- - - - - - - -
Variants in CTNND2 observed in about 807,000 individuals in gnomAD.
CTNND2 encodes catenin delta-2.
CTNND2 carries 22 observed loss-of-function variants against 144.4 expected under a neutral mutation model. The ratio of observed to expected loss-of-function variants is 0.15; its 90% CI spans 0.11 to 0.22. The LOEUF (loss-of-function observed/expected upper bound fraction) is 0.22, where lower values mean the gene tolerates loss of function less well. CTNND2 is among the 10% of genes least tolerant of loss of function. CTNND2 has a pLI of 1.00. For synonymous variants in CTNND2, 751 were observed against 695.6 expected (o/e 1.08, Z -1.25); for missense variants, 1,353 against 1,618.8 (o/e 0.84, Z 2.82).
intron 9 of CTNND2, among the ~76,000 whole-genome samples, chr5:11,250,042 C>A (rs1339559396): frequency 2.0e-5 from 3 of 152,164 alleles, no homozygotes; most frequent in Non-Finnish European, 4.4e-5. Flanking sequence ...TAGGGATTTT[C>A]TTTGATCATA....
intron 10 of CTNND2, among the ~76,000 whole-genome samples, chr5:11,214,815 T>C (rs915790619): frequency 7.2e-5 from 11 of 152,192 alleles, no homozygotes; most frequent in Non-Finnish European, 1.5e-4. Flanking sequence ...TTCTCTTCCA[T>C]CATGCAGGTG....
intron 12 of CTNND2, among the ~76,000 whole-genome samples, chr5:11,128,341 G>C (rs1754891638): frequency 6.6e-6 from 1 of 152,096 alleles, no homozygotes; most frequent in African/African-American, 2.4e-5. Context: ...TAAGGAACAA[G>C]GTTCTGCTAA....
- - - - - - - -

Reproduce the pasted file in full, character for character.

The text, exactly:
Variants in CTNND2 observed in about 807,000 individuals in gnomAD.
CTNND2 encodes catenin delta-2.
CTNND2 carries 22 observed loss-of-function variants against 144.4 expected under a neutral mutation model. The ratio of observed to expected loss-of-function variants is 0.15; its 90% CI spans 0.11 to 0.22. The LOEUF (loss-of-function observed/expected upper bound fraction) is 0.22, where lower values mean the gene tolerates loss of function less well. CTNND2 is among the 10% of genes least tolerant of loss of function. CTNND2 has a pLI of 1.00. For synonymous variants in CTNND2, 751 were observed against 695.6 expected (o/e 1.08, Z -1.25); for missense variants, 1,353 against 1,618.8 (o/e 0.84, Z 2.82).
intron 9 of CTNND2, among the ~76,000 whole-genome samples, chr5:11,250,042 C>A (rs1339559396): frequency 2.0e-5 from 3 of 152,164 alleles, no homozygotes; most frequent in Non-Finnish European, 4.4e-5. Flanking sequence ...TAGGGATTTT[C>A]TTTGATCATA....
intron 10 of CTNND2, among the ~76,000 whole-genome samples, chr5:11,214,815 T>C (rs915790619): frequency 7.2e-5 from 11 of 152,192 alleles, no homozygotes; most frequent in Non-Finnish European, 1.5e-4. Flanking sequence ...TTCTCTTCCA[T>C]CATGCAGGTG....
intron 12 of CTNND2, among the ~76,000 whole-genome samples, chr5:11,128,341 G>C (rs1754891638): frequency 6.6e-6 from 1 of 152,096 alleles, no homozygotes; most frequent in African/African-American, 2.4e-5. Context: ...TAAGGAACAA[G>C]GTTCTGCTAA....